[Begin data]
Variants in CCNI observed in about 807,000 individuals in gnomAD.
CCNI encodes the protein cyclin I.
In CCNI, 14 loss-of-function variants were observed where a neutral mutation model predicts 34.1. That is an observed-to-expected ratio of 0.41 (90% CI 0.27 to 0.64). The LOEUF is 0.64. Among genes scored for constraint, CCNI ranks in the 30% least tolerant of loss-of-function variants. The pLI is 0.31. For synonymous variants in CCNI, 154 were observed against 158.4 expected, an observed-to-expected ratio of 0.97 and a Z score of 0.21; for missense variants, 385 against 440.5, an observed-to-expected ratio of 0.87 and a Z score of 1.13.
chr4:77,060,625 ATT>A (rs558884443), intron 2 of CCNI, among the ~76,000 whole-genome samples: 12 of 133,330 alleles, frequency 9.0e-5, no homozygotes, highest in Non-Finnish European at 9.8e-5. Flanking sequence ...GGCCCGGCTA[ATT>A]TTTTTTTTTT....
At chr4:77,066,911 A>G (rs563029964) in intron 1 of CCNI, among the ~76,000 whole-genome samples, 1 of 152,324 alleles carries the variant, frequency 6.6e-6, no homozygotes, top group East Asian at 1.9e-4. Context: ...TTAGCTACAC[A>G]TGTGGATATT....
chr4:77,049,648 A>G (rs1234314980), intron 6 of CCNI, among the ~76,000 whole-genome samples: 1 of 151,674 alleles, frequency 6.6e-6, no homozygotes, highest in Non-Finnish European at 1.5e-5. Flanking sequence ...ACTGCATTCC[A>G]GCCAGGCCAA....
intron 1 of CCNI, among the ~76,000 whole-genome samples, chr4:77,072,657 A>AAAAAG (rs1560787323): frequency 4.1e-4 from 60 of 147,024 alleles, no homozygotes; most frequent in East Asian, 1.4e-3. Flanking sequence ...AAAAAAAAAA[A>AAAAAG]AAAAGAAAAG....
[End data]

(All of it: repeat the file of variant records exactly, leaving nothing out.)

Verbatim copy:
Variants in CCNI observed in about 807,000 individuals in gnomAD.
CCNI encodes the protein cyclin I.
In CCNI, 14 loss-of-function variants were observed where a neutral mutation model predicts 34.1. That is an observed-to-expected ratio of 0.41 (90% CI 0.27 to 0.64). The LOEUF is 0.64. Among genes scored for constraint, CCNI ranks in the 30% least tolerant of loss-of-function variants. The pLI is 0.31. For synonymous variants in CCNI, 154 were observed against 158.4 expected, an observed-to-expected ratio of 0.97 and a Z score of 0.21; for missense variants, 385 against 440.5, an observed-to-expected ratio of 0.87 and a Z score of 1.13.
chr4:77,060,625 ATT>A (rs558884443), intron 2 of CCNI, among the ~76,000 whole-genome samples: 12 of 133,330 alleles, frequency 9.0e-5, no homozygotes, highest in Non-Finnish European at 9.8e-5. Flanking sequence ...GGCCCGGCTA[ATT>A]TTTTTTTTTT....
At chr4:77,066,911 A>G (rs563029964) in intron 1 of CCNI, among the ~76,000 whole-genome samples, 1 of 152,324 alleles carries the variant, frequency 6.6e-6, no homozygotes, top group East Asian at 1.9e-4. Context: ...TTAGCTACAC[A>G]TGTGGATATT....
chr4:77,049,648 A>G (rs1234314980), intron 6 of CCNI, among the ~76,000 whole-genome samples: 1 of 151,674 alleles, frequency 6.6e-6, no homozygotes, highest in Non-Finnish European at 1.5e-5. Flanking sequence ...ACTGCATTCC[A>G]GCCAGGCCAA....
intron 1 of CCNI, among the ~76,000 whole-genome samples, chr4:77,072,657 A>AAAAAG (rs1560787323): frequency 4.1e-4 from 60 of 147,024 alleles, no homozygotes; most frequent in East Asian, 1.4e-3. Flanking sequence ...AAAAAAAAAA[A>AAAAAG]AAAAGAAAAG....